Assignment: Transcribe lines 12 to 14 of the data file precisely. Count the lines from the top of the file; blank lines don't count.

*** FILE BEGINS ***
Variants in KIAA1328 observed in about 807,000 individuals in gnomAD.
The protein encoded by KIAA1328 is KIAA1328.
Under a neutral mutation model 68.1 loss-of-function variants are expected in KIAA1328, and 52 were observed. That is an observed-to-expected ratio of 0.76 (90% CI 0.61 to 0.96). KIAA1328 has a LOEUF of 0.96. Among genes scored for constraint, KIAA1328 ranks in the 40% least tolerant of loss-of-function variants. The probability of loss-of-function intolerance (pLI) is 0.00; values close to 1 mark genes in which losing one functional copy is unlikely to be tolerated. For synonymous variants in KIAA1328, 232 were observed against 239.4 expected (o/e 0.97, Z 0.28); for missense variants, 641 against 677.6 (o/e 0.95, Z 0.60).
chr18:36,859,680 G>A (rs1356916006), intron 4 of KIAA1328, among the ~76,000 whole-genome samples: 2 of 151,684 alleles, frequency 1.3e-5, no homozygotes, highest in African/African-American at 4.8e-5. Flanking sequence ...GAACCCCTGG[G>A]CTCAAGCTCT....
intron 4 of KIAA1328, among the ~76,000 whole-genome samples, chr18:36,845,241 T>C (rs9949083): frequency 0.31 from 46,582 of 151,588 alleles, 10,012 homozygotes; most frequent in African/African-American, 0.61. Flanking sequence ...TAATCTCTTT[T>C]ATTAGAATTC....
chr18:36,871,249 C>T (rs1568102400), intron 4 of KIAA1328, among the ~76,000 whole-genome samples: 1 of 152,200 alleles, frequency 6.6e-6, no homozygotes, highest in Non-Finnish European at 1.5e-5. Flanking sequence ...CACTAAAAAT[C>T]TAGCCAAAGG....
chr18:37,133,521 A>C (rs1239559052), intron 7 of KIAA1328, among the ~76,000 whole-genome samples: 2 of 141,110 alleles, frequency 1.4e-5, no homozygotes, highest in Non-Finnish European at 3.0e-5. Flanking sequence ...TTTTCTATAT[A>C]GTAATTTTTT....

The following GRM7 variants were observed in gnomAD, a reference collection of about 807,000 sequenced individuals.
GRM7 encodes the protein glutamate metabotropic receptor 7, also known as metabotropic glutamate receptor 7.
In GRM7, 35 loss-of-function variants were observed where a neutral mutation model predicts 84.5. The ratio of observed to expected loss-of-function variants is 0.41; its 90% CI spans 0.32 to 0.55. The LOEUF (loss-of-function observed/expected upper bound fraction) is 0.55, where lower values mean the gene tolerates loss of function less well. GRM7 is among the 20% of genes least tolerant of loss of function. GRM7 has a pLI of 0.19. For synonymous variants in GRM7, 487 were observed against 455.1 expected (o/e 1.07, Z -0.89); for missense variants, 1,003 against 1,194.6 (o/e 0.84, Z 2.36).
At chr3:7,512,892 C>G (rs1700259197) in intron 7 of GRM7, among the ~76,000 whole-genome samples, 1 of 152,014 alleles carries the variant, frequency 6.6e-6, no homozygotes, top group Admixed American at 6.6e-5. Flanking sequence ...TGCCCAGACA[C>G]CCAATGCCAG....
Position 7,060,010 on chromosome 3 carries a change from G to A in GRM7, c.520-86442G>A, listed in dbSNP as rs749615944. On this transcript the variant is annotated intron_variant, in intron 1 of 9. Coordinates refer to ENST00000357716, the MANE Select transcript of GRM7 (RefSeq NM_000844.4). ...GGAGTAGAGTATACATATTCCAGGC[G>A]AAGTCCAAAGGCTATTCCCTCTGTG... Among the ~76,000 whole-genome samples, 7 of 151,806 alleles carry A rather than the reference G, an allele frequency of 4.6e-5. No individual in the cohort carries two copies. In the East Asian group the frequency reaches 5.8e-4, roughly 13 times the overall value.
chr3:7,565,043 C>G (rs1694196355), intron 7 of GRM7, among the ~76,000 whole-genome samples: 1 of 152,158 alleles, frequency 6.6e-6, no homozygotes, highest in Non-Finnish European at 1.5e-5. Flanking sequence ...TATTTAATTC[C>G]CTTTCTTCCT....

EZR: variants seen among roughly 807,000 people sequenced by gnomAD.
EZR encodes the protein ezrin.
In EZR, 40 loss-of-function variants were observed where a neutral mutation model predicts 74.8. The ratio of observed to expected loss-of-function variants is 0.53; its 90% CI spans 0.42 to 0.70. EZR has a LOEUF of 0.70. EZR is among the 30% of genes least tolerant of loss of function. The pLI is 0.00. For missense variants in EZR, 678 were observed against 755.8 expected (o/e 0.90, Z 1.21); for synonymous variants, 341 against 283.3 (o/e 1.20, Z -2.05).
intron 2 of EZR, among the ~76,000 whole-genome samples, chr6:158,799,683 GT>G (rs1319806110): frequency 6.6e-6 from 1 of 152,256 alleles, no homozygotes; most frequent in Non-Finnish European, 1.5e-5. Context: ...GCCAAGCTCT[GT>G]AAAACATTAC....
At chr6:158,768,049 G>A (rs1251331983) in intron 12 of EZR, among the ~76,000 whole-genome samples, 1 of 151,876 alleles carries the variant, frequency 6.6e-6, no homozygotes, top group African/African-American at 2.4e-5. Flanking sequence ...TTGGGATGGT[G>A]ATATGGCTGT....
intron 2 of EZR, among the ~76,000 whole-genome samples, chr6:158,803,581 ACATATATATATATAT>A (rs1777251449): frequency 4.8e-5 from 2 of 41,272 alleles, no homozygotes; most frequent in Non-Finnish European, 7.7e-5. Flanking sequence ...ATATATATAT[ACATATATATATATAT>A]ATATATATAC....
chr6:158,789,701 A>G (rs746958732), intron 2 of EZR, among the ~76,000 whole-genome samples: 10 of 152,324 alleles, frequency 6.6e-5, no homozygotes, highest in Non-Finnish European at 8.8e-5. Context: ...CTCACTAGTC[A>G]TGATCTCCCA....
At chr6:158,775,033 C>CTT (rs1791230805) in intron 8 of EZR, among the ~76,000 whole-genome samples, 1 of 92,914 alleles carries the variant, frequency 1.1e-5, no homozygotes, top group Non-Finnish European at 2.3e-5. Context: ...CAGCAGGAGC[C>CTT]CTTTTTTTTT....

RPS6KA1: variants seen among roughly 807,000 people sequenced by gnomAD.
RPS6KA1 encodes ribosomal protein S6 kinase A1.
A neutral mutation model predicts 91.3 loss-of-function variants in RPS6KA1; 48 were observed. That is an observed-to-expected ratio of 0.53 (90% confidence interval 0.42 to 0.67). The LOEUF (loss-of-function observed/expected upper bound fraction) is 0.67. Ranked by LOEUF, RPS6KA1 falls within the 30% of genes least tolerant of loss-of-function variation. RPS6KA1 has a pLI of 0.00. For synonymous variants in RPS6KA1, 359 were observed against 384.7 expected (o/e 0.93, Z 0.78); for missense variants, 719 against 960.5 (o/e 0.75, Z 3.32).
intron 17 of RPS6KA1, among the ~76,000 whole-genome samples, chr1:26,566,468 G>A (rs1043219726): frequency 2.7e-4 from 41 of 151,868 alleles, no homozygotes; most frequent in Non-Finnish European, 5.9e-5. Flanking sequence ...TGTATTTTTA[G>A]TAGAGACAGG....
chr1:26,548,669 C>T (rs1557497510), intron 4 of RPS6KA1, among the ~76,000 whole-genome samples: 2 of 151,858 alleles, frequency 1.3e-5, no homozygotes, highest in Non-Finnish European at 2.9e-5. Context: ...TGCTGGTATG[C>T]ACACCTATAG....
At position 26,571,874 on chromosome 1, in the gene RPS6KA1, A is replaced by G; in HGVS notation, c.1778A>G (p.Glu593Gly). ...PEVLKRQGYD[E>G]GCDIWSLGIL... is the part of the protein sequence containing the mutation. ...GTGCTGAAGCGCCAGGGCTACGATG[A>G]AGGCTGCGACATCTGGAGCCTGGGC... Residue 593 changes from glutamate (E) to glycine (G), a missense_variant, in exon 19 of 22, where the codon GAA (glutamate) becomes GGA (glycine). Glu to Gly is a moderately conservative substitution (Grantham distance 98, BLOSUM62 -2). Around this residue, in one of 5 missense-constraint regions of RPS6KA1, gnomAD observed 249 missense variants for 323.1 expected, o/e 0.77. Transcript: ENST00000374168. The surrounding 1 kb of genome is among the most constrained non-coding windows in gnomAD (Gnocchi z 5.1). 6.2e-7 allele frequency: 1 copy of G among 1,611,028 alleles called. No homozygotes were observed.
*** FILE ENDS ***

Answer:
Position 7,060,010 on chromosome 3 carries a change from G to A in GRM7, c.520-86442G>A, listed in dbSNP as rs749615944. On this transcript the variant is annotated intron_variant, in intron 1 of 9. Coordinates refer to ENST00000357716, the MANE Select transcript of GRM7 (RefSeq NM_000844.4). ...GGAGTAGAGTATACATATTCCAGGC[G>A]AAGTCCAAAGGCTATTCCCTCTGTG... Among the ~76,000 whole-genome samples, 7 of 151,806 alleles carry A rather than the reference G, an allele frequency of 4.6e-5. No individual in the cohort carries two copies. In the East Asian group the frequency reaches 5.8e-4, roughly 13 times the overall value.
chr3:7,565,043 C>G (rs1694196355), intron 7 of GRM7, among the ~76,000 whole-genome samples: 1 of 152,158 alleles, frequency 6.6e-6, no homozygotes, highest in Non-Finnish European at 1.5e-5. Flanking sequence ...TATTTAATTC[C>G]CTTTCTTCCT....

EZR: variants seen among roughly 807,000 people sequenced by gnomAD.